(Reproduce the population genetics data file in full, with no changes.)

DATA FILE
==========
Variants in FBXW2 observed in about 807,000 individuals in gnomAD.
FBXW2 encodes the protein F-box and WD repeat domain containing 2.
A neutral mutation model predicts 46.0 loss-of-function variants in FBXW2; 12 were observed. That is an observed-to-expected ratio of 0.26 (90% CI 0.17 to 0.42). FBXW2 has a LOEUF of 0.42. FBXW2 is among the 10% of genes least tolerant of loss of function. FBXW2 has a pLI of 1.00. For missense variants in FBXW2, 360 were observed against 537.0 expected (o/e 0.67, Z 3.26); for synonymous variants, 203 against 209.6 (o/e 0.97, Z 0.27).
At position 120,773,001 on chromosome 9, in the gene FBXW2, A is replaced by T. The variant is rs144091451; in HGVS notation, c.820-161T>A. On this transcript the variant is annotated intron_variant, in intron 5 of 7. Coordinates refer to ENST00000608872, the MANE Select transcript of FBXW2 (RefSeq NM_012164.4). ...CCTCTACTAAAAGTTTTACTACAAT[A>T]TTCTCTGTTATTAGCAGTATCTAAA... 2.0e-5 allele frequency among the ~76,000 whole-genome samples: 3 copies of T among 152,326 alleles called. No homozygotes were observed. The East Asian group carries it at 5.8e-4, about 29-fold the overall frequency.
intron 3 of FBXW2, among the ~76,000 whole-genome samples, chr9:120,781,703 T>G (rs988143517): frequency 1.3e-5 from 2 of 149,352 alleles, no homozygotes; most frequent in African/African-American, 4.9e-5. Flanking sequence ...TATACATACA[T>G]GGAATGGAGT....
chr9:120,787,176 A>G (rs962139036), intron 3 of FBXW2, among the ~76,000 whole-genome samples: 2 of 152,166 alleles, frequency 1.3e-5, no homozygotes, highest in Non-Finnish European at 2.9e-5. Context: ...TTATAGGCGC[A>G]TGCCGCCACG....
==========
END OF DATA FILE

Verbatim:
Variants in FBXW2 observed in about 807,000 individuals in gnomAD.
FBXW2 encodes the protein F-box and WD repeat domain containing 2.
A neutral mutation model predicts 46.0 loss-of-function variants in FBXW2; 12 were observed. That is an observed-to-expected ratio of 0.26 (90% CI 0.17 to 0.42). FBXW2 has a LOEUF of 0.42. FBXW2 is among the 10% of genes least tolerant of loss of function. FBXW2 has a pLI of 1.00. For missense variants in FBXW2, 360 were observed against 537.0 expected (o/e 0.67, Z 3.26); for synonymous variants, 203 against 209.6 (o/e 0.97, Z 0.27).
At position 120,773,001 on chromosome 9, in the gene FBXW2, A is replaced by T. The variant is rs144091451; in HGVS notation, c.820-161T>A. On this transcript the variant is annotated intron_variant, in intron 5 of 7. Coordinates refer to ENST00000608872, the MANE Select transcript of FBXW2 (RefSeq NM_012164.4). ...CCTCTACTAAAAGTTTTACTACAAT[A>T]TTCTCTGTTATTAGCAGTATCTAAA... 2.0e-5 allele frequency among the ~76,000 whole-genome samples: 3 copies of T among 152,326 alleles called. No homozygotes were observed. The East Asian group carries it at 5.8e-4, about 29-fold the overall frequency.
intron 3 of FBXW2, among the ~76,000 whole-genome samples, chr9:120,781,703 T>G (rs988143517): frequency 1.3e-5 from 2 of 149,352 alleles, no homozygotes; most frequent in African/African-American, 4.9e-5. Flanking sequence ...TATACATACA[T>G]GGAATGGAGT....
chr9:120,787,176 A>G (rs962139036), intron 3 of FBXW2, among the ~76,000 whole-genome samples: 2 of 152,166 alleles, frequency 1.3e-5, no homozygotes, highest in Non-Finnish European at 2.9e-5. Context: ...TTATAGGCGC[A>G]TGCCGCCACG....